Usually, my older sister and I would have started dinner, baking or frying chicken, cutting up potatoes, pulling a vegetable or two from the bin. But my mother liked to add her own touch, and, I must say, no food I’ve ever had was better than hers. (Different, but not better!) I don’t know what magic she used, but everything tasted better when she was done. And we were never entrusted with the making of biscuits. We had biscuits at every meal, unless she served beans, in which case there was cornbread, which I could make before I was 10.

Looking back now, I wish I had been taught, made, induced to sass. I wish my mom had been Dorothy Parker in all her vicious eloquence. Knowing how to talk back to a grabby boss, how to curse rude strangers on the street, how to get that sprawling teenager out of the bus seat so I could sit down, would have been handier than knowing how to make guests comfortable in my home. (You can get your own linens, right? There’s nothing wrong with your feet.) As it was, I had to learn it on my own, or, rather, my NOW (National Organization for Women) sisters taught me. But that’s a story for another day.

This weekend, I went for the very first time to a pro-choice demonstration in my hometown, the Southern city I left when I was eighteen years old. Sass was there in abundance, loud and very defiant. That is how we have to be now, not just about abortion rights, but also about white nationalism and the insane number of weapons on our streets. I never wanted to tolerate any of that, and I have a feeling other people are reaching their boiling point, too. I hope you are one of this mighty, furious majority. Kindness will not cut it with people who think their right to own an assault weapon is more important than our right to buy groceries or attend church in peace. Or with the people who think their religious beliefs should dictate how you handle your body, or with the folks who fear being a minority so much because they know how minorities are treated in this country.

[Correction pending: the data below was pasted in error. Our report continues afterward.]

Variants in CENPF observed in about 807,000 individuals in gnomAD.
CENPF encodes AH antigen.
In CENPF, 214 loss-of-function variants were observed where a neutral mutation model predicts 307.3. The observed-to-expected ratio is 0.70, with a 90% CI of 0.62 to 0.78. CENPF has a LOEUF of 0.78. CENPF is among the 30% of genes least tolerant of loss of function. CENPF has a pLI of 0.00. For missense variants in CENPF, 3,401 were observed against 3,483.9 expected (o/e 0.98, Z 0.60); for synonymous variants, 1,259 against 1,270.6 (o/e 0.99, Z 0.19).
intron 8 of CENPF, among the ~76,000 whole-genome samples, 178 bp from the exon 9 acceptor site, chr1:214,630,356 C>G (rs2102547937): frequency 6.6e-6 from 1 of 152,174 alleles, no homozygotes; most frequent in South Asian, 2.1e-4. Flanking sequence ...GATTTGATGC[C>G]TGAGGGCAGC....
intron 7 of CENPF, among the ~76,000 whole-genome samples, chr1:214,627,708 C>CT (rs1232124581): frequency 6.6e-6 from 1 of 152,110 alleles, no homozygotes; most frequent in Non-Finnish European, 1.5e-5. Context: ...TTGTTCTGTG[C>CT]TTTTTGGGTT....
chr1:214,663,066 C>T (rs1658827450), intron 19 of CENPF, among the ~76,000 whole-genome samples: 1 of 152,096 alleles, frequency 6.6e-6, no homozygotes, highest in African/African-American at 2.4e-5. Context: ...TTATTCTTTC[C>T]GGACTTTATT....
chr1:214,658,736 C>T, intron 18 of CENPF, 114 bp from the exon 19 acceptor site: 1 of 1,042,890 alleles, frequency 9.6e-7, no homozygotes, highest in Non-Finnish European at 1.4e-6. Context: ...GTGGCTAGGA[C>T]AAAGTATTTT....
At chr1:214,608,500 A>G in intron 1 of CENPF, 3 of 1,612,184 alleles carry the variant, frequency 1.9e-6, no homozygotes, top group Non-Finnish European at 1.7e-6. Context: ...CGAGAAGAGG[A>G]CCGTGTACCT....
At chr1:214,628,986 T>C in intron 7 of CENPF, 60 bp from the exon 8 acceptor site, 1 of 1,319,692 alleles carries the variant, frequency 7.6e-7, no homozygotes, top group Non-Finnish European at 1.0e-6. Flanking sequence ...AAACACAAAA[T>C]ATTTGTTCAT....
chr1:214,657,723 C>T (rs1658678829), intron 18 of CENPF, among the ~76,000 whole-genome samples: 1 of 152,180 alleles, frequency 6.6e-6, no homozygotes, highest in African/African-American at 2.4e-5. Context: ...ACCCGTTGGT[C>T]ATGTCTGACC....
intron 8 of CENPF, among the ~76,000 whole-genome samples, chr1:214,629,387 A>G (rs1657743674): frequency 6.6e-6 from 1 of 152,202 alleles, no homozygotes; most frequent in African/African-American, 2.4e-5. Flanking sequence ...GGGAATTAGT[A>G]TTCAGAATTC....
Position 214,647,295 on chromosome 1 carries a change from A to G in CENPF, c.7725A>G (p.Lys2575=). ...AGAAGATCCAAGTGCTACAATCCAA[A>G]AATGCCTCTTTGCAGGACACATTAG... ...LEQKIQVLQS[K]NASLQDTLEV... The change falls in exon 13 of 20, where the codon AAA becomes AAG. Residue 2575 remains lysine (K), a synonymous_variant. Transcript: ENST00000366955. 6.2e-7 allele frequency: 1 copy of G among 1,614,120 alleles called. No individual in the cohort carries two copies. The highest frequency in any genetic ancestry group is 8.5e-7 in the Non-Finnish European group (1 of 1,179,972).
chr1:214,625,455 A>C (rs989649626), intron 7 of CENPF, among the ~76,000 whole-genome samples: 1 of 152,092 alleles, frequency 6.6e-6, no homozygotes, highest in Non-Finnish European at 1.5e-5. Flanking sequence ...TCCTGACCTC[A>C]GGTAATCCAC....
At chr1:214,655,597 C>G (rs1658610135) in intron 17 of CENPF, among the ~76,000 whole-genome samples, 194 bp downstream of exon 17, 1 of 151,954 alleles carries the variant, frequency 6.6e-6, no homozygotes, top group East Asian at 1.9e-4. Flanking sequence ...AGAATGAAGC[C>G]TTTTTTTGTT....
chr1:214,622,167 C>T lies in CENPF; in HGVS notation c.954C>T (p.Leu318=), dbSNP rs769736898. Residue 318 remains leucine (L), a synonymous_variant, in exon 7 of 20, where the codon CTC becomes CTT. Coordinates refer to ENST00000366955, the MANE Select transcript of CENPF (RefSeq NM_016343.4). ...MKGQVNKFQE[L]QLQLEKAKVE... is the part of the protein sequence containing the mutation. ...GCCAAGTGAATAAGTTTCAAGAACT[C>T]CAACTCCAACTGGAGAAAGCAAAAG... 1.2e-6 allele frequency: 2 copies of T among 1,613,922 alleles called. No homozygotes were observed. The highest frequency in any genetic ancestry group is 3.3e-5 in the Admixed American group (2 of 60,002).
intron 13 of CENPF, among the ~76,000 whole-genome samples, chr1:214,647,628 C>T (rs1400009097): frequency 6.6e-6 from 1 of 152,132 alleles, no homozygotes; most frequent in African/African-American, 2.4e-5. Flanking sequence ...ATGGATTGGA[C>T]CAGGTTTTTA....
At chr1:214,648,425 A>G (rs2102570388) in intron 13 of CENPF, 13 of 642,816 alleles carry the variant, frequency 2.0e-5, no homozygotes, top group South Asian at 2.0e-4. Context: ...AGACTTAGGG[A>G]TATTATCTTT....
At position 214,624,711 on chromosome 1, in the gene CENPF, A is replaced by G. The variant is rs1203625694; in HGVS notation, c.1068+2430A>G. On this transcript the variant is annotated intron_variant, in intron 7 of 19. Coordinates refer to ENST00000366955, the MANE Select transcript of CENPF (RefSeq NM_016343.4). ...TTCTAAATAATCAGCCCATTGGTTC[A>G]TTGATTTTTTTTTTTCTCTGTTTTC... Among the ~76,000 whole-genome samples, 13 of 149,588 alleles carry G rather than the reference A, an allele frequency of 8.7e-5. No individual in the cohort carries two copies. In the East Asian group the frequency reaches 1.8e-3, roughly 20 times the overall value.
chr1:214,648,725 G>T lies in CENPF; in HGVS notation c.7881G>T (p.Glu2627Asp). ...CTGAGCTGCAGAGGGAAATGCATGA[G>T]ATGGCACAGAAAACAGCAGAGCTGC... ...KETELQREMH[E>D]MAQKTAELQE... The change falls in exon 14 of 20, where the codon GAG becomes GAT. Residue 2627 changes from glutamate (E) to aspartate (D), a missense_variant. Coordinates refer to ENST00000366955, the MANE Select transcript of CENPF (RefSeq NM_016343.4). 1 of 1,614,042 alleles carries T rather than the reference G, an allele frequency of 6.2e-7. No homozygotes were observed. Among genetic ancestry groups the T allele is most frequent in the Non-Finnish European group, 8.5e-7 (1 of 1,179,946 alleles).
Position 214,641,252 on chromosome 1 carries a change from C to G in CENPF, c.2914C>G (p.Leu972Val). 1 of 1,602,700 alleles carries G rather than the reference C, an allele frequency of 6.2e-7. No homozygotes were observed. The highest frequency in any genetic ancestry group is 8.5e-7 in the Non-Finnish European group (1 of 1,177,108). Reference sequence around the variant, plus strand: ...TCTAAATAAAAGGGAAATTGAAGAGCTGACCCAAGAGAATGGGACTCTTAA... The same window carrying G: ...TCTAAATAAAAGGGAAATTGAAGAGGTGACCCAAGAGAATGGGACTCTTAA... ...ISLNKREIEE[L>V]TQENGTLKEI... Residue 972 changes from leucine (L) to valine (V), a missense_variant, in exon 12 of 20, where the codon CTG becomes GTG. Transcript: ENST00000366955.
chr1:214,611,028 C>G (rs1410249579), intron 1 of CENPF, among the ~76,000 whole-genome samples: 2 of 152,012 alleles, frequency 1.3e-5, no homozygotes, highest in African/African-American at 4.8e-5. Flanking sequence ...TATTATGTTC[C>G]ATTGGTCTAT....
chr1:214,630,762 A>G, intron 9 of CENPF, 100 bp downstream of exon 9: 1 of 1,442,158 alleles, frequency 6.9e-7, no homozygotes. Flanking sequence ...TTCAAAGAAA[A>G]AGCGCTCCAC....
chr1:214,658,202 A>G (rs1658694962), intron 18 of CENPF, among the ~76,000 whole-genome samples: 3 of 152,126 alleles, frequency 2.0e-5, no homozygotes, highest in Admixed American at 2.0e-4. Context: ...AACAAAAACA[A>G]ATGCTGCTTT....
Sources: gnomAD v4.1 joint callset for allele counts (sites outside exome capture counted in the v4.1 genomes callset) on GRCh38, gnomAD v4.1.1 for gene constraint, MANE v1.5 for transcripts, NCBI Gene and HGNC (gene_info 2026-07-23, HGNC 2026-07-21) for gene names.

Be loud. Be incensed. Be effective.

Thank the Universe for Women Senators

Don’t tell me it doesn’t matter if we elect women. Yesterday, seven Democrats voted with the anti-choice Republicans to avoid tabling Ben Nelson’s amendment that would have restricted women’s ability to pay for abortion coverage with their own funds, if they received federal subsidies for health care. A no vote was a vote to keep the amendment alive.

Voting Yes to table the amendment, and thus, effectively, to kill it, were all the Senate’s women except two––Kay Bailey Hutchison, who is running for Governor of Texas at the end of her current term, and Lisa Murkowski of Alaska, who has been tap-dancing for the daddies for a very long time. All the other women, including Republicans Olympia Snowe and Susan Collins of Maine, voted to table the amendment.